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Port of Tauranga capital review looms closer as capex 'bubble' draws to close

Friday 19th February 2016

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Port of Tauranga has confirmed a review of its capital structure is planned for 2017, by which time New Zealand's biggest port operator will be over the hump of its spending programme and able to contemplate options such as a return to shareholders. 

The company will have completed a five-year, $350 million capital expenditure programme in 2017, including dredging its shipping lanes to accommodate larger ships, adding cranes, straddle carriers and tugs, expanding its wharf and marshalling areas, and buying property.

Revenue from what will be the first New Zealand port able to host container ships with a capacity of 6,500 TEUs (twenty foot equivalent units) at low-water tides will begin to kick in next year, with freight sent to the port by Kotahi, the logistics venture owned by Fonterra Cooperative Group and Silver Fern Farms.

The guarantee of freight "has allowed our board to be very rational about this - it's not just build it and hope they will come," said chief executive Mark Cairns.

Port of Tauranga's board flagged in early 2015 its intention to review its capital structure in 2017 and the company affirmed the plan to analysts yesterday. A special dividend could be an effective way to return any funds to shareholders because the company has accumulated imputation credits. The imputation credit account stood at $67.9 million at the end of the 2015 financial year, although it has since declared an interim 2016 dividend of 23 cents a share, of which about 8.9 cents was imputed, or tax paid.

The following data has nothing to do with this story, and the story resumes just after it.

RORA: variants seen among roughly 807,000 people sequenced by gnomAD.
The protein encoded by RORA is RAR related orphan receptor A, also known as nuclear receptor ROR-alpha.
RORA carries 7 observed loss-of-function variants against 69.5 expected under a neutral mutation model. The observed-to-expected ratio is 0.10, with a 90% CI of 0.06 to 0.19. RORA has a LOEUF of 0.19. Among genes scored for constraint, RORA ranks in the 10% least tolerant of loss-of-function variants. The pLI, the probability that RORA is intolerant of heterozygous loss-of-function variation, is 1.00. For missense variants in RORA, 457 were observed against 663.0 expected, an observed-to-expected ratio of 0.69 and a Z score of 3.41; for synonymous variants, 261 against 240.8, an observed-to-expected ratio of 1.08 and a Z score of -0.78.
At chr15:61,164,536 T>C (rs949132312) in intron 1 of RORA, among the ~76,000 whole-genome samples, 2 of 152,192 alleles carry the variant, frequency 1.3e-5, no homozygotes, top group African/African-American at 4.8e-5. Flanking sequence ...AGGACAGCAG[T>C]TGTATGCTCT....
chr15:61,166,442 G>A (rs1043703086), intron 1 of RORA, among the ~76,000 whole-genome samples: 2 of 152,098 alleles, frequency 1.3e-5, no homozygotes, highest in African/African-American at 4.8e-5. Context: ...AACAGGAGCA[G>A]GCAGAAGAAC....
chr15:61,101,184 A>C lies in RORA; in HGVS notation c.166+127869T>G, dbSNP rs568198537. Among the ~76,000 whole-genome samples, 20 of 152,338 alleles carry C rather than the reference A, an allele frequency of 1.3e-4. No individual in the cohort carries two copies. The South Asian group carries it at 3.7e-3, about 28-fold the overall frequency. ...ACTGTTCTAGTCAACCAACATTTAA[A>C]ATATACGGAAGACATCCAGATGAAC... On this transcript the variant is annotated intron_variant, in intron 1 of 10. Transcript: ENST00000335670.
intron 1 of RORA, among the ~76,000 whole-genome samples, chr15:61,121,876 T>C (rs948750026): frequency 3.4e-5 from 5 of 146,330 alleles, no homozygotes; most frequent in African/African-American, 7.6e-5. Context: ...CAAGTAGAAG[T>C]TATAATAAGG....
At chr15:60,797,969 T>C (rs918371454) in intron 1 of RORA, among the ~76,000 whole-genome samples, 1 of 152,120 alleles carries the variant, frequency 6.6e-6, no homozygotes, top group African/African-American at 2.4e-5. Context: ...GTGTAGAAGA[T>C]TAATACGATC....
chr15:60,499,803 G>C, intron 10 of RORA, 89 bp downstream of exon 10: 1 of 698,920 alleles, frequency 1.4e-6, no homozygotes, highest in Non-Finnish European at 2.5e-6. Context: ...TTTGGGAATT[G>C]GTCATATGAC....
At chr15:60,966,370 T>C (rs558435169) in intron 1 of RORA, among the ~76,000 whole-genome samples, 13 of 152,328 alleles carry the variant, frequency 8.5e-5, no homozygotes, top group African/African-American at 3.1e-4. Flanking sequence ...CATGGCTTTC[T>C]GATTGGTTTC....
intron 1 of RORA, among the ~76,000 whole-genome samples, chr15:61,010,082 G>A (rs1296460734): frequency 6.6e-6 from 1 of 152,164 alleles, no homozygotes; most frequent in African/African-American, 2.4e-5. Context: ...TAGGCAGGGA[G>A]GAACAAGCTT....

First-half profit dropped 9 percent to $38.6 million as export log volumes fell and after the year-earlier result was inflated by a one-time gain. Operating income fell 9.8 percent to $121.9 million, while operating earnings before interest, tax, depreciation and amortisation rose 3.4 percent to $62 million.

The company warned shareholders at their annual meeting last October that earnings growth may stall in 2016 because of uncertainty about log and dairy export volumes, which could counter the benefits of increased container traffic. Yesterday, the company affirmed that full-year profit was likely to be unchanged at about $79 million. In the first half, log exports fell 16 percent to 2.4 million tonnes, although dairy volumes were up 29 percent and container volumes rose about 10 percent to 470,928 TEUs.

Port of Tauranga is aiming to be the key hub port in the North Island servicing a future shipping trade expected to be characterised by fewer, larger vessels that need deeper berths. Freight would be brought around the coast from smaller ports to fill the big ships or carried by rail or road. The company said that it is about a third of the way through its project to dredge Tauranga's harbour channels to a depth of 14.5 metres inside the harbour and 15.8 metres outside the entrance, work that's expected to be completed in July.

The shares fell 0.3 percent to $18 yesterday and have edged up 2.6 percent in the past 12 months. The stock is rated a 'sell' based on the consensus of five analysts polled by Reuters.

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